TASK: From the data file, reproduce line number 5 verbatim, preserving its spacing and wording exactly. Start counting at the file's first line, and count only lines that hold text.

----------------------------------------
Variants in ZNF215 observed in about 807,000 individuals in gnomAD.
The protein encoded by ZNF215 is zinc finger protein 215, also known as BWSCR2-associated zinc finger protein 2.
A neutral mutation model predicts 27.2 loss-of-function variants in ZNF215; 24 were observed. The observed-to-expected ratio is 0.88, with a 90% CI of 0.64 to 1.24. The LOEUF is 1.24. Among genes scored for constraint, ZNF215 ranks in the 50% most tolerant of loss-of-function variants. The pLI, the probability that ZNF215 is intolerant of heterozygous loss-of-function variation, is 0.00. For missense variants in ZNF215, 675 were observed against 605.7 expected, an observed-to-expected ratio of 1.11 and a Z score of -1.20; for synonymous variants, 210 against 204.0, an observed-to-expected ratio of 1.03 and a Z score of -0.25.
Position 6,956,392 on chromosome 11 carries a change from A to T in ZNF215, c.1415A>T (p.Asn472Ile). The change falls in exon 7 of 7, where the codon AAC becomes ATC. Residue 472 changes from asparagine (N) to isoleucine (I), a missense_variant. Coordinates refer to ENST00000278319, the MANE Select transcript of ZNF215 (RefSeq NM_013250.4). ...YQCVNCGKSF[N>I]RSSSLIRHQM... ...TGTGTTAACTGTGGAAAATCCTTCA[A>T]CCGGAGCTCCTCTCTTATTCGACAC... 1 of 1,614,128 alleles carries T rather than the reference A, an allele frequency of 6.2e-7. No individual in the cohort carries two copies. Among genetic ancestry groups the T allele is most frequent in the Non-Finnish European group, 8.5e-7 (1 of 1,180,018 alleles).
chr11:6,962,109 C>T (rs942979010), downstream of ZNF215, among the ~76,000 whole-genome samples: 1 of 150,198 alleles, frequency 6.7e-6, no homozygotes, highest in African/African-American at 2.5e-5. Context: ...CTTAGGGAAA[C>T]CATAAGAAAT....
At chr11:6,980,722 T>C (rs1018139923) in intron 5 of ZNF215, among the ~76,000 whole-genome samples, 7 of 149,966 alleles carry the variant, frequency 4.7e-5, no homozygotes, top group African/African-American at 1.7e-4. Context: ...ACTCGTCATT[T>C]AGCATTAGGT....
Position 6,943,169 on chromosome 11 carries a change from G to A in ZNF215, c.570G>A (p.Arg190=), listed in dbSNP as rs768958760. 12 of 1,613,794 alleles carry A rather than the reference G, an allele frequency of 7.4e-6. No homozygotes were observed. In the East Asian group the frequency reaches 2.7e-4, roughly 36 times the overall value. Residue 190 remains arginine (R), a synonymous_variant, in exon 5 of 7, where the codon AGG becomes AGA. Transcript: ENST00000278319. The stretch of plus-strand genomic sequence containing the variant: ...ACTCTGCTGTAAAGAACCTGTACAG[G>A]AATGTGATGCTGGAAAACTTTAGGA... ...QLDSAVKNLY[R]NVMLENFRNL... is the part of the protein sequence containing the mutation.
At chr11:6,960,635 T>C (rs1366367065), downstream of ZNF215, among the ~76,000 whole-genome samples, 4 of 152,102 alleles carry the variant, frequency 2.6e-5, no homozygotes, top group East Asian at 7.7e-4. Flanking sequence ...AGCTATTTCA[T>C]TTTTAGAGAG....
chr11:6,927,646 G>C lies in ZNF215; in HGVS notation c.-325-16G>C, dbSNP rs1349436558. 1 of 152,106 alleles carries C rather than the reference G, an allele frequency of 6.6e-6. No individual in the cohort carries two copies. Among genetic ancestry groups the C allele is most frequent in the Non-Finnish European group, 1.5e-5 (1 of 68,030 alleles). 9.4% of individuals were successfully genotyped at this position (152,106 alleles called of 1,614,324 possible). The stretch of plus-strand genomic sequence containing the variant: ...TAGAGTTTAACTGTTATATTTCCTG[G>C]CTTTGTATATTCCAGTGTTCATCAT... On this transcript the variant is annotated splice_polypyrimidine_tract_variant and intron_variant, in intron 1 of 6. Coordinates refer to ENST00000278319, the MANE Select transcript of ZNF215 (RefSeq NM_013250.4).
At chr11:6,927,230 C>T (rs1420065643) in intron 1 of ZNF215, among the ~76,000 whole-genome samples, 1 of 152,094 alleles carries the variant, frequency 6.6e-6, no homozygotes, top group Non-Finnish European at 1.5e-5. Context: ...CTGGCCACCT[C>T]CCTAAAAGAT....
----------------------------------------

chr11:6,962,109 C>T (rs942979010), downstream of ZNF215, among the ~76,000 whole-genome samples: 1 of 150,198 alleles, frequency 6.7e-6, no homozygotes, highest in African/African-American at 2.5e-5. Context: ...CTTAGGGAAA[C>T]CATAAGAAAT....